Culture  Paternal processes 

A son reconnects with his father through music and art

“Here is wisdom. Let him that hath understanding count the number of the beast: for it is the number of a man; and his number is six hundred threescore and six.” So sayeth the book of Revelation about the False Prophet. But it turns out the book may have made a mistake in quantification: instead of 666, try 162636. That is, if Constantine Delilabros had had his way.

Delilabros, a sailor from Athens, died in 2000, leaving his numerological formula for the Bible, as well as his visual art, and seemingly all of reality, behind. But it hasn’t ended there. Delilabros’ son Panayiotis has reconstructed one of his father’s most extensive experiments into the installation When You Go Back, Nothing is Real. The work, which is centred around a musical composition based on Delilabros’ calculations extracted from the Bible called Automatic Reproduction of Constantine Delilabros’ Music Scores,” is up at articule through December 13.

As an installation, the presentation is stark. The younger Delilabros’ hand-written transcriptions of his father’s code serve as the visual component: framed sheets of tiny numbers that, because of their pseudo-Pointillist aesthetic, seem like masses of black geometry from far away. In the centre of the gallery, Panayiotis has encased a Bible, a calculator, and a relay box in a glass container. The numbers depicted on the wall are entered into the calculator, and then processed into the gallery’s speaker system. The resulting aural tones, random kazoo-like pitches, are then played into the gallery space in direct mimicry of his father’s work.

Though this may seem like a formal dialogue on minimalist sound interactions, the presentation actually belies a deeply personal motivation. Panayiotis has recreated his father’s experiment to reconnect with an often-missing paternal figure and to compensate for an unsubstantiated father-son relationship.       
The two had what Panayiotis calls a “difficult” connection, exacerbated by Constantine’s absence from the household due to his work. “He believed everything was numbers,” Panayiotis said of his father, whose personal numerological perspective informed not only his stratification of Biblical figures (angels had different numbers based on number of wings), but also the paper sculptures he created while at home. According to Panayiotis, Constantine kept his sculptures, musical compositions, and numerical formula to himself, and never attempted to publish his work. To Constantine, the art making and numerological theorizing were escapist indulgences out of touch with the overtly masculine Greek society in which he lived. To his son, Constantine’s formula was “borderline between madness and genius. Probably madness.”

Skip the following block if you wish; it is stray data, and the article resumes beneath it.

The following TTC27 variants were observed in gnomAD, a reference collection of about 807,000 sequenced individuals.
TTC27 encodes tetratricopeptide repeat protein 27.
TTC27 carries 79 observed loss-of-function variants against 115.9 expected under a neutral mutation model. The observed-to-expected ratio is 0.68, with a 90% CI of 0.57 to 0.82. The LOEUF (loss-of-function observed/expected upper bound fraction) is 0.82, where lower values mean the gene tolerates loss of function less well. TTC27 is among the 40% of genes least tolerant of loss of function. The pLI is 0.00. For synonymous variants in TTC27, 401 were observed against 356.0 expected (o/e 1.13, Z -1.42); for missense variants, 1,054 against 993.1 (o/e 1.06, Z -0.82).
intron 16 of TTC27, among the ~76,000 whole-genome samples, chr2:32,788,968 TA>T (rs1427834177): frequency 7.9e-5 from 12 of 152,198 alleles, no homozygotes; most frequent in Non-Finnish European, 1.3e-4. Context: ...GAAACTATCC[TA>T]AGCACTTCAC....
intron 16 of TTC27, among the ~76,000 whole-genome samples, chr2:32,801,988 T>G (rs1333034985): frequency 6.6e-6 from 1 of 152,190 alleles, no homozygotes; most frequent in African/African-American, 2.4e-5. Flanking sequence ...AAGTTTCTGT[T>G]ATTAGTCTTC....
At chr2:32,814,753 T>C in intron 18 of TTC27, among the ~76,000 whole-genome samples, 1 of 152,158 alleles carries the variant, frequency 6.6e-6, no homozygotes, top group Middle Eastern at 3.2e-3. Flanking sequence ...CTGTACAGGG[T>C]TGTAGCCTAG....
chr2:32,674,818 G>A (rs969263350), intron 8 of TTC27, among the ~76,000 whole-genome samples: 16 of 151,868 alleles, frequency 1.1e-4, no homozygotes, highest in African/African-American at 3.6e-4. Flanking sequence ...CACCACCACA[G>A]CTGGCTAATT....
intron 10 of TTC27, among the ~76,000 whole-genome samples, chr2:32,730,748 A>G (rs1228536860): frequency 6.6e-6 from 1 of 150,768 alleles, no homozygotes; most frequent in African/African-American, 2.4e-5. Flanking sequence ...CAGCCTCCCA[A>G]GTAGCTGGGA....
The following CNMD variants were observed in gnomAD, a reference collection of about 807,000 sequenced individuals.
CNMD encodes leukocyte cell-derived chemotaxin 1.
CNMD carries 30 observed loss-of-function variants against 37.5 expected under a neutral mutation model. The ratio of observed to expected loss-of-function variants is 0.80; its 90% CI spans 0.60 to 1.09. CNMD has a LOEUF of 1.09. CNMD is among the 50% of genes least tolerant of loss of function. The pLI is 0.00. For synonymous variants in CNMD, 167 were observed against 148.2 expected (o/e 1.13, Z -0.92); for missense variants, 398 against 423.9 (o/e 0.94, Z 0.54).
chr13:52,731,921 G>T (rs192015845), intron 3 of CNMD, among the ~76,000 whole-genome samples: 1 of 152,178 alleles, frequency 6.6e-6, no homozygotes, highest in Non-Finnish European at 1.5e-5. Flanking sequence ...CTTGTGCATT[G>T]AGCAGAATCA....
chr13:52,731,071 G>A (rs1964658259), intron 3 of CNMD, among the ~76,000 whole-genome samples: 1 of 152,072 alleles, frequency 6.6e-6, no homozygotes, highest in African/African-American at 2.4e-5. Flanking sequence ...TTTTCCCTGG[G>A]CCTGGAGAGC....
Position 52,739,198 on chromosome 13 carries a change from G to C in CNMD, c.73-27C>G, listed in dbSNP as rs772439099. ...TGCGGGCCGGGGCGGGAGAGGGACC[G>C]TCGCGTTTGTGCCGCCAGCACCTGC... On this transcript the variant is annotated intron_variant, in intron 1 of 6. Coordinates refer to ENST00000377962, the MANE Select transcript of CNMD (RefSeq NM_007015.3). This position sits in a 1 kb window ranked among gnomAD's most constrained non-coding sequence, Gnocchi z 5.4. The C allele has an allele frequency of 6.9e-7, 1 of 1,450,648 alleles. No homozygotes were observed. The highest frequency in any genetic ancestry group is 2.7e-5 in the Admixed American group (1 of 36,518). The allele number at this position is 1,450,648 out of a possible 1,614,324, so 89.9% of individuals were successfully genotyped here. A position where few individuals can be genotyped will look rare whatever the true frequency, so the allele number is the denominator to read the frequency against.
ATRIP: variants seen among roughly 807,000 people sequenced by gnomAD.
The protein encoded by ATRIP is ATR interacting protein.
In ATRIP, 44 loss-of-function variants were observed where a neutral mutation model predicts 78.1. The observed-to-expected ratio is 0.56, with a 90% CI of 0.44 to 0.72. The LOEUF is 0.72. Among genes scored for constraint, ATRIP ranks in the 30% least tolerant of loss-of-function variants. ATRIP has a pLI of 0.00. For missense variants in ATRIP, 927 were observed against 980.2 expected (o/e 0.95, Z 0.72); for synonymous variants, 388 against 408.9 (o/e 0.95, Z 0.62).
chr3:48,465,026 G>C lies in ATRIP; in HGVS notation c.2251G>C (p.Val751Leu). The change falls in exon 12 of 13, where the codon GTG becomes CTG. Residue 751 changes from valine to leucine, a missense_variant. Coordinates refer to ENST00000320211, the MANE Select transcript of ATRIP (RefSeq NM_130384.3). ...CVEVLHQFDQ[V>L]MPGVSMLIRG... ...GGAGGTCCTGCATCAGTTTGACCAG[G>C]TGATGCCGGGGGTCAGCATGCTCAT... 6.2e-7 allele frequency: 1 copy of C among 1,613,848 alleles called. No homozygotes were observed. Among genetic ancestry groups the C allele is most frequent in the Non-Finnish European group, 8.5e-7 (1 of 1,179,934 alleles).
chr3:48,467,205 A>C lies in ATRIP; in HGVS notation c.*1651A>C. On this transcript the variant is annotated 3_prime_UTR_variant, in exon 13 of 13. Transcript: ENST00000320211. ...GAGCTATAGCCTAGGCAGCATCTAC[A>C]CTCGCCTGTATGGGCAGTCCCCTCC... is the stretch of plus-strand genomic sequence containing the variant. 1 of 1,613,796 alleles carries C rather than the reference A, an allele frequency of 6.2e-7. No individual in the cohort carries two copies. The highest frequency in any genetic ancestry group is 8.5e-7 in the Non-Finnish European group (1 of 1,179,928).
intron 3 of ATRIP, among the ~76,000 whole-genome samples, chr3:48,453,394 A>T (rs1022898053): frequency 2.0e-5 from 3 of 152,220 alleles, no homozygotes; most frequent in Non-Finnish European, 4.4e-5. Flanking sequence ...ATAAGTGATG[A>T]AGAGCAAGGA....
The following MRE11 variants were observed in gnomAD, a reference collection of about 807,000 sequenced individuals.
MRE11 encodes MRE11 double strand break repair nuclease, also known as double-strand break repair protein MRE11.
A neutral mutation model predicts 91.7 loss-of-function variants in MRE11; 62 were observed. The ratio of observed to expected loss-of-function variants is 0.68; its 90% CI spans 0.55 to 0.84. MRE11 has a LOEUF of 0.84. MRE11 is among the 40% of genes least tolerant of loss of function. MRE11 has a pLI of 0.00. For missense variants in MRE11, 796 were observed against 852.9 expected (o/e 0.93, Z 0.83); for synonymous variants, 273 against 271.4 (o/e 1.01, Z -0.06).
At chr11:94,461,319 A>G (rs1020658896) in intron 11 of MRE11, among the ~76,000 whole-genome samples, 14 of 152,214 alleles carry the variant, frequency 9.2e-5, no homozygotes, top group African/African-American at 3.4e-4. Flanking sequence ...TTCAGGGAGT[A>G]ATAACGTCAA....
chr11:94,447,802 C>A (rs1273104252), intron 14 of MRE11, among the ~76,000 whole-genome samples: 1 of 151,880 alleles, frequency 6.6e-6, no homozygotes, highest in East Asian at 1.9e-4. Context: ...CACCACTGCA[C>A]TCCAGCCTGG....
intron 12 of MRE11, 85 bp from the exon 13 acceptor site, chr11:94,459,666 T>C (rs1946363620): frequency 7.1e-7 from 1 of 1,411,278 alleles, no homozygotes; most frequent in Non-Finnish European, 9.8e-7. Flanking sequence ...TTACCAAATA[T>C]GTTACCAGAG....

Panayiotis has gone through the motions of attempting to artistically recreate his father’s actions: painstakingly learning his father’s handwriting and legitimizing it as an actual font, writing approximately 100 numbers for each of the sheets, and even creating an Internet connection to constantly stream the music into his kitchen, where Constantine first played his compositions. The processes behind the work seem to carry more personal weight for Panayiotis than the actual product, the music he has acknowledged as “random.” In the same way children act out their parents’ mannerisms, Panayiotis is replicating an experience that he was excluded from as a child.

“You, Me, and Him in Trocadero,” one of the three videos Panayiotis is showing alongside “Automatic Reproduction of Constantine Delilabros’ Music Scores,” shows Panayiotis and his boyfriend – who wears a paper mask printed with Constantine’s face – entering a photo booth. At one point, Panayiotis chooses to have the photo booth program “draw” the two men’s faces. The rather drawn-out computer sketching mirrors Panayiotis’s own processes of discovering his father and discovering himself in that context. Yet the final product in “Trocadero” is a kitsch representation of the artist and a caricature of his father together, demonstrating the partial and insufficient identity constructed in the end. As the title states, when you go back, nothing is real.

Panayiotis refuses to provide his father’s mathematical formula, enabling Constantine’s genius, or madness, to retain its elusive and incomprehensible (or unfounded) properties. He has also opened up his father’s hidden art the public sphere, legitimizing what was once considered shameful. As the artist says: “[The] most important thing for [me is] exhibiting his work in a gallery.” What remains is an act of respectful recognition, regardless of a relationship that never was. 

When You Go Back, Nothing is Real is up at articule (262 Fairmount O.) through December 13. To hear the musical section of the work, go to